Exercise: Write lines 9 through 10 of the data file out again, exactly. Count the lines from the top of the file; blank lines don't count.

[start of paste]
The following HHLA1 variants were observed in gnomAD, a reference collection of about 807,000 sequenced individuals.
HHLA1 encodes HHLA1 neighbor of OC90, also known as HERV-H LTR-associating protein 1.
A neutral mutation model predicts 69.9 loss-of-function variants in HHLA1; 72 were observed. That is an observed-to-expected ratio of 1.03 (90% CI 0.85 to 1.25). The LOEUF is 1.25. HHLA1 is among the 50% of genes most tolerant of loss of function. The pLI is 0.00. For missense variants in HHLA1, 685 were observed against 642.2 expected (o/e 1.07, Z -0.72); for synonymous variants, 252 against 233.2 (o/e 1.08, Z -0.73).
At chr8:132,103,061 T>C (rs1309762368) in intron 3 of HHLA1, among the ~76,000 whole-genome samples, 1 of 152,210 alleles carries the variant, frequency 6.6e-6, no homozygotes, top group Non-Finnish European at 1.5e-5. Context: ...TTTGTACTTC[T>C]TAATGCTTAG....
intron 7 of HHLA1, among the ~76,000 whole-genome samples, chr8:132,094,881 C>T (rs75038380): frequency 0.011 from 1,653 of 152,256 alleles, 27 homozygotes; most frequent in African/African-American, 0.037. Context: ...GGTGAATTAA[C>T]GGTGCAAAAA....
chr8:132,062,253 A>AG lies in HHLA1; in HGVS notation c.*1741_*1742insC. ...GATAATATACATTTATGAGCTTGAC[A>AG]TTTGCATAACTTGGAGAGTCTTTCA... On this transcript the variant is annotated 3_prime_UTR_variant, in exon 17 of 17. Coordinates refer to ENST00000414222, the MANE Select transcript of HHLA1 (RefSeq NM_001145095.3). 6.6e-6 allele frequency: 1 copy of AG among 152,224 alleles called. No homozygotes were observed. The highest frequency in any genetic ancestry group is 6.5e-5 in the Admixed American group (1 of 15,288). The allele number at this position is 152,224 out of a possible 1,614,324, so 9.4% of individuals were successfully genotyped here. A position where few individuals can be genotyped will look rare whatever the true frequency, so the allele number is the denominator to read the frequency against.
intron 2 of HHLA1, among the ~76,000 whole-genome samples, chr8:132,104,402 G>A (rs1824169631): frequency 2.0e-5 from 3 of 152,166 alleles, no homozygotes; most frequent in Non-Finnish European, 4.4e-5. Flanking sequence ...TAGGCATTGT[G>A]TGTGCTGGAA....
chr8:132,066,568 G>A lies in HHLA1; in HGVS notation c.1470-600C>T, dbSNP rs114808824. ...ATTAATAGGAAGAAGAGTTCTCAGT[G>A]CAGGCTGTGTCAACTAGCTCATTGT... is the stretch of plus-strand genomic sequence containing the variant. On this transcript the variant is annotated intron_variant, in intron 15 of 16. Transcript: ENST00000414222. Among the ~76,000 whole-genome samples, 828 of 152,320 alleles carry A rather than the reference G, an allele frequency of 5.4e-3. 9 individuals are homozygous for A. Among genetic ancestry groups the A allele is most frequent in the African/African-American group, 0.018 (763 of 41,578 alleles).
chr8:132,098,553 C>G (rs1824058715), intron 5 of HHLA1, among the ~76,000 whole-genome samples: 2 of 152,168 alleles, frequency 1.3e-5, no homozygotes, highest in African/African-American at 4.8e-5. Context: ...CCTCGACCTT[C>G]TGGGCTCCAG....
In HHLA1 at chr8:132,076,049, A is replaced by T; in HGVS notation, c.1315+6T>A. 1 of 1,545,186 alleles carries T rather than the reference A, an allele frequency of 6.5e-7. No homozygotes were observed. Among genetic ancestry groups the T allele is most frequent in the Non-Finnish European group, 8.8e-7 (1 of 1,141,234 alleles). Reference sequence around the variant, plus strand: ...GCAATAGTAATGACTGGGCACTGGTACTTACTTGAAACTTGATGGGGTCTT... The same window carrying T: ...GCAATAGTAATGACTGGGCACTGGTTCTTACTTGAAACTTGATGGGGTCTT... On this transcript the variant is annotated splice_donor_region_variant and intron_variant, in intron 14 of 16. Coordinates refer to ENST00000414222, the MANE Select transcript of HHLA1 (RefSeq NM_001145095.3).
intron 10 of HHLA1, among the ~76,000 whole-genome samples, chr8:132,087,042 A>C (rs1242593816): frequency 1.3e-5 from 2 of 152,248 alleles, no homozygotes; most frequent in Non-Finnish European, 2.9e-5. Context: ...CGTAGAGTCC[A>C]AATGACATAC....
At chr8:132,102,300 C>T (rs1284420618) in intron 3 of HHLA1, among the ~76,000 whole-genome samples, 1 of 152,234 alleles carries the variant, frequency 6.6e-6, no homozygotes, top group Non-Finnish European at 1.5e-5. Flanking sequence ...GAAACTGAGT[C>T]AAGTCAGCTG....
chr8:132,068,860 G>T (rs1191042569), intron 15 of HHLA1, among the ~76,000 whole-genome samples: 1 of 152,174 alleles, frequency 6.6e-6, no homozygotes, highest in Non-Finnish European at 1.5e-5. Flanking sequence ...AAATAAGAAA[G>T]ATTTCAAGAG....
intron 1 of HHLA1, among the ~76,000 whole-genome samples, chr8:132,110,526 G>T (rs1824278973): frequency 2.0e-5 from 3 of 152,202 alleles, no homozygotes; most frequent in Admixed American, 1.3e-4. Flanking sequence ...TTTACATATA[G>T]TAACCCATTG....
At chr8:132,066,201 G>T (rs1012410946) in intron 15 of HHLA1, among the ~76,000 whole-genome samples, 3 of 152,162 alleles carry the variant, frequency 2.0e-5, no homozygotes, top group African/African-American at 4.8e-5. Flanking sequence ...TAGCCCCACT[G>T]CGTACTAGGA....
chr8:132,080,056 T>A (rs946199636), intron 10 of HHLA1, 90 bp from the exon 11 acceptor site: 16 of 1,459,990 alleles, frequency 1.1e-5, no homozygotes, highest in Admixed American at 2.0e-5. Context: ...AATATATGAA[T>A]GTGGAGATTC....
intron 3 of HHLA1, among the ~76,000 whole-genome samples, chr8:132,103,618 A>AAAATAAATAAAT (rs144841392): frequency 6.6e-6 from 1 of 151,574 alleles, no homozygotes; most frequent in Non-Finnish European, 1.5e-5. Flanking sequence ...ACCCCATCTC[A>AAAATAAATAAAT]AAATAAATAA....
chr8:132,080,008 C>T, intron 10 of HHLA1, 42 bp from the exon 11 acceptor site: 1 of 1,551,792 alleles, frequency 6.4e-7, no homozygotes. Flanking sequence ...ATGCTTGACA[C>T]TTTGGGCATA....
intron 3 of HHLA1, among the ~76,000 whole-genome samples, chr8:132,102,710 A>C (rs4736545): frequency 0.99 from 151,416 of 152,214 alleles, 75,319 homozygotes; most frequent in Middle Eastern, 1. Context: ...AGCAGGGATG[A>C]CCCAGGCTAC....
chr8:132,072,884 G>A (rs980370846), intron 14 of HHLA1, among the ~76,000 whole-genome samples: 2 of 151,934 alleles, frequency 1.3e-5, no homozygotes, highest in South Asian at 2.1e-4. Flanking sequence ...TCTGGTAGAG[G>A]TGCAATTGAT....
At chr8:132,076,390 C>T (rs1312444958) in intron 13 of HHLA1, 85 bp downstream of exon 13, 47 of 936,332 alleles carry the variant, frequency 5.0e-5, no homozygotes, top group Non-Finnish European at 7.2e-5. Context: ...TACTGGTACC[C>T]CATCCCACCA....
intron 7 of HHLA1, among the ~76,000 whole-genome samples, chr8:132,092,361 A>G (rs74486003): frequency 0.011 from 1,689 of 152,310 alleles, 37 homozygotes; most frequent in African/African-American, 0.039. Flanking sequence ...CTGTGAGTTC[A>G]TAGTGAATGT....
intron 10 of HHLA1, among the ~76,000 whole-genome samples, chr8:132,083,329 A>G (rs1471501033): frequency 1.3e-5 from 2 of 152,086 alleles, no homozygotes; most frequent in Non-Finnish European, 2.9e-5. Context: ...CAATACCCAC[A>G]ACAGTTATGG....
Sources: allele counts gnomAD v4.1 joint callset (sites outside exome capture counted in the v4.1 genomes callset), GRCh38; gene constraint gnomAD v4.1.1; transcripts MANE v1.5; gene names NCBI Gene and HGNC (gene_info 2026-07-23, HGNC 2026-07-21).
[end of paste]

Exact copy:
chr8:132,098,553 C>G (rs1824058715), intron 5 of HHLA1, among the ~76,000 whole-genome samples: 2 of 152,168 alleles, frequency 1.3e-5, no homozygotes, highest in African/African-American at 4.8e-5. Context: ...CCTCGACCTT[C>G]TGGGCTCCAG....
In HHLA1 at chr8:132,076,049, A is replaced by T; in HGVS notation, c.1315+6T>A. 1 of 1,545,186 alleles carries T rather than the reference A, an allele frequency of 6.5e-7. No homozygotes were observed. Among genetic ancestry groups the T allele is most frequent in the Non-Finnish European group, 8.8e-7 (1 of 1,141,234 alleles). Reference sequence around the variant, plus strand: ...GCAATAGTAATGACTGGGCACTGGTACTTACTTGAAACTTGATGGGGTCTT... The same window carrying T: ...GCAATAGTAATGACTGGGCACTGGTTCTTACTTGAAACTTGATGGGGTCTT... On this transcript the variant is annotated splice_donor_region_variant and intron_variant, in intron 14 of 16. Coordinates refer to ENST00000414222, the MANE Select transcript of HHLA1 (RefSeq NM_001145095.3).